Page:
Subsequently, Industrial moved, inter alia, for summary judgment on the issue of liability and an award of damages on that counterclaim. In the order appealed from, the Supreme Court denied that branch of Industrial's motion.

Industrial established, prima facie, its entitlement to judgment as a matter of law on the issue of liability on its counterclaim alleging breach of contract by adducing evidence that the plaintiff breached the mortgage contract by improperly accelerating the mortgage and commencing this foreclosure action (see Quilliams v Half Hollow Hills School Dist. [ Candlewood School ], 67 A.D.3d 763). In opposition, the plaintiff failed to raise a triable issue of fact (see Zuckerman v City of New York, 49 N.Y.2d 557, 562; Seidman v Industrial Recycling Props., Inc., 71 A.D.3d at1119). Furthermore, contrary to the plaintiff's contention, the motion was not premature, as the plaintiff failed to demonstrate how discovery may reveal or lead to relevant evidence, or that "facts essential to opposing the motion were exclusively within" another party's "knowledge and control" (Espada v City of New York, 74 A.D.3d 1276, 1277; see CPLR 3212[f]; Norero v 99-105 Third Ave. Realty, LLC, 96 A.D.3d 727, 728; Haque v Daddazio, 84 A.D.3d 940).

However, Industrial failed to demonstrate its prima facie entitlement to an award of damages in a specific amount. It has long been recognized that the theory underlying damages for breach of contract is to make good or replace the loss caused by the breach (see Brushton-Moira Cent. School Dist. v Thomas Assoc., 91 N.Y.2d 256, 261; Reid v Terwilliger, 116 NY 530, 532). Damages are intended to return the parties to the point at which the breach arose and to place the nonbreaching party in as good a position as it would have been had the contract been performed (see Bi-Economy Mkt., Inc. v Harleysville Ins. Co. of N.Y., 10 N.Y.3d 187, 195; Goodstein Constr. Corp. v City of New York, 80 N.Y.2d 366, 373; Robert L. Haig, Commercial Litigation in New York State Courts, § 51.3[c], at 31[1995]; Restatement [Second] of Contracts §§ 347, comment a; § 344). Thus, damages for breach of contract are ordinarily ascertained as of the date of the breach (see Rodriguez v Moore-McCormack Lines, 32 N.Y.2d 425, 429; Simon v Electrospace Corp., 28 N.Y.2d 136, 145; Parker v Hoppe, 257 NY 333, 341). In this case, the record does not support Industrial's contention that awarding it the value of the subject property on the date of the foreclosure sale, plus interest, would place it in the position it would have been in had the plaintiff not improperly commenced this foreclosure action (see Bi-Economy Mkt., Inc. v Harleysville Ins. Co. of N.Y., 10 N.Y.3d at 195).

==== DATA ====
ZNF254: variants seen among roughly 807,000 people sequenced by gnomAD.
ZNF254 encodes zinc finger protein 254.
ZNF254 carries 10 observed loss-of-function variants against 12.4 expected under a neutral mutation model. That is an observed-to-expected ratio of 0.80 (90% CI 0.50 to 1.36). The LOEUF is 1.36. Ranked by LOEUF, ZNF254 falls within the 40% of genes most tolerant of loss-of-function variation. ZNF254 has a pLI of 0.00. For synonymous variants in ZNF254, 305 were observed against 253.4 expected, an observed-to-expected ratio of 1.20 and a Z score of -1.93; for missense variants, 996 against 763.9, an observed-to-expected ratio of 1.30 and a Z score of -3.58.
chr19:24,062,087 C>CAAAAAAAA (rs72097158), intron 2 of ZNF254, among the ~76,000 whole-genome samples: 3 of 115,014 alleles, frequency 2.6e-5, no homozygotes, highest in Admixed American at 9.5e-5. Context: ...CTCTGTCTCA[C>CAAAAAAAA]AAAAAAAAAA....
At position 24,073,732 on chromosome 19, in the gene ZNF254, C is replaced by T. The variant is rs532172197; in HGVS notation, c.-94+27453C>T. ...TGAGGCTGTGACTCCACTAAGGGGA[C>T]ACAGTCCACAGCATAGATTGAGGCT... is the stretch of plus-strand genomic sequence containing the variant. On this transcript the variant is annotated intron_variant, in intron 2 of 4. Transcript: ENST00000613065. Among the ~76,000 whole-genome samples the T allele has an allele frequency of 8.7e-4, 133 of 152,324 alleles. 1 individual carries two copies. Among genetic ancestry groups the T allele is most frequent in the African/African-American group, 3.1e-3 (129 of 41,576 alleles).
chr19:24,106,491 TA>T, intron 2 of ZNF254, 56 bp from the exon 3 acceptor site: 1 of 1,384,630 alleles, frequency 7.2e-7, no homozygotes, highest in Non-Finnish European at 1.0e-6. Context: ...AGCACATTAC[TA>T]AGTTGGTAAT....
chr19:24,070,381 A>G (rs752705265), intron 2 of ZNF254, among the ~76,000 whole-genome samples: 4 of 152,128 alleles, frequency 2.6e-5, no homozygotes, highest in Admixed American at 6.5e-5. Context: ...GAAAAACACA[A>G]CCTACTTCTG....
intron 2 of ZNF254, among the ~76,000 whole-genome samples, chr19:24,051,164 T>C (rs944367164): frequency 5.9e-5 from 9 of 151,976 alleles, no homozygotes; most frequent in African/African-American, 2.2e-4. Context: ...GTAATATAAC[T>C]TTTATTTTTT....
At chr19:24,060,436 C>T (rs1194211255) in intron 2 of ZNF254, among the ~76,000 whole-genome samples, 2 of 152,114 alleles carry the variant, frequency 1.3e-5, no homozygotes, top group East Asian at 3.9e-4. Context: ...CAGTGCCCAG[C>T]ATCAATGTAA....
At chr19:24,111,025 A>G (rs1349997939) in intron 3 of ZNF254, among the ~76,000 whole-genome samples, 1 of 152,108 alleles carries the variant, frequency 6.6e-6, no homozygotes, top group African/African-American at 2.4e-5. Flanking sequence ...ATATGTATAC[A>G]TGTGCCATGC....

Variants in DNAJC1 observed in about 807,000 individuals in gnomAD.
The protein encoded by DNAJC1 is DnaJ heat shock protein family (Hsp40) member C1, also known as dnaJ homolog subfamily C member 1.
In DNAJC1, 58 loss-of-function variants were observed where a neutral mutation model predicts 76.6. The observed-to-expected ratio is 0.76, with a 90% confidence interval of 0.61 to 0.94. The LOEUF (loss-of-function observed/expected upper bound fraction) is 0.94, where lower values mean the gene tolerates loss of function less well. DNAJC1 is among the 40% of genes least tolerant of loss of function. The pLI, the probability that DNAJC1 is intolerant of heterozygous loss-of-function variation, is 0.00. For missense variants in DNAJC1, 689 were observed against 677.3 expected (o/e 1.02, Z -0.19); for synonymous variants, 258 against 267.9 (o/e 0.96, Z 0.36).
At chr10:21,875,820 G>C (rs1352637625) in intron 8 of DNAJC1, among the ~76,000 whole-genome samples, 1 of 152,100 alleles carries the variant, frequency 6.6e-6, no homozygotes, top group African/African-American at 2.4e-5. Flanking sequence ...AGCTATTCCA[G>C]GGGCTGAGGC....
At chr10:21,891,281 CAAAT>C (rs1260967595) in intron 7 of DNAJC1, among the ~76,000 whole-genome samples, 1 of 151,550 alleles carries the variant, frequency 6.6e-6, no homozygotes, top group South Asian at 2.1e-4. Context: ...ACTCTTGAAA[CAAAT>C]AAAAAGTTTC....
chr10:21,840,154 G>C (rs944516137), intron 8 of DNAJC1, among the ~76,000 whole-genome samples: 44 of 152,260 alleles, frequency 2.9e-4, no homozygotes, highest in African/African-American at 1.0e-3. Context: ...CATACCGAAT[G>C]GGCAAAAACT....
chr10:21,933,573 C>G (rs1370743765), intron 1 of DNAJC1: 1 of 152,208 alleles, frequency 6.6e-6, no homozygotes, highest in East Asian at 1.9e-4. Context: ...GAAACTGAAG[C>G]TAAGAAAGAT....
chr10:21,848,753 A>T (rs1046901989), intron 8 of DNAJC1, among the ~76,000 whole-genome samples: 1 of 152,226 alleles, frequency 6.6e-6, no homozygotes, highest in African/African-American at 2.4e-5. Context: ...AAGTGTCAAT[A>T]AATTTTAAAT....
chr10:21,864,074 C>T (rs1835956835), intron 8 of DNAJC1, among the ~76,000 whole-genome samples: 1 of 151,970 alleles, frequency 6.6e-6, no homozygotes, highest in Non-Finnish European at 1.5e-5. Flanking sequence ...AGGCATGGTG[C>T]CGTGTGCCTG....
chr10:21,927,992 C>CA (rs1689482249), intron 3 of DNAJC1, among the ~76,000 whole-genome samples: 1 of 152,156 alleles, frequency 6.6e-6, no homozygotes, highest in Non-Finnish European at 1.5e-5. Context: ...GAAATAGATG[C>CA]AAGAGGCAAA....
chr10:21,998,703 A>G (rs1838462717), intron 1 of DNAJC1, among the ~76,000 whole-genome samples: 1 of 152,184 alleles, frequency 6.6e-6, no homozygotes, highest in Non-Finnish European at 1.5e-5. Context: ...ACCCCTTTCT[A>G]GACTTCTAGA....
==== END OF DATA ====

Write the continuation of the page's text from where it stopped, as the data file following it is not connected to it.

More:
Accordingly, Industrial was entitled only to summary judgment on the issue of liability on its counterclaim to recover damages for breach of contract.

ANGIOLILLO, J.P., CHAMBERS, HALL and ROMAN, JJ., concur.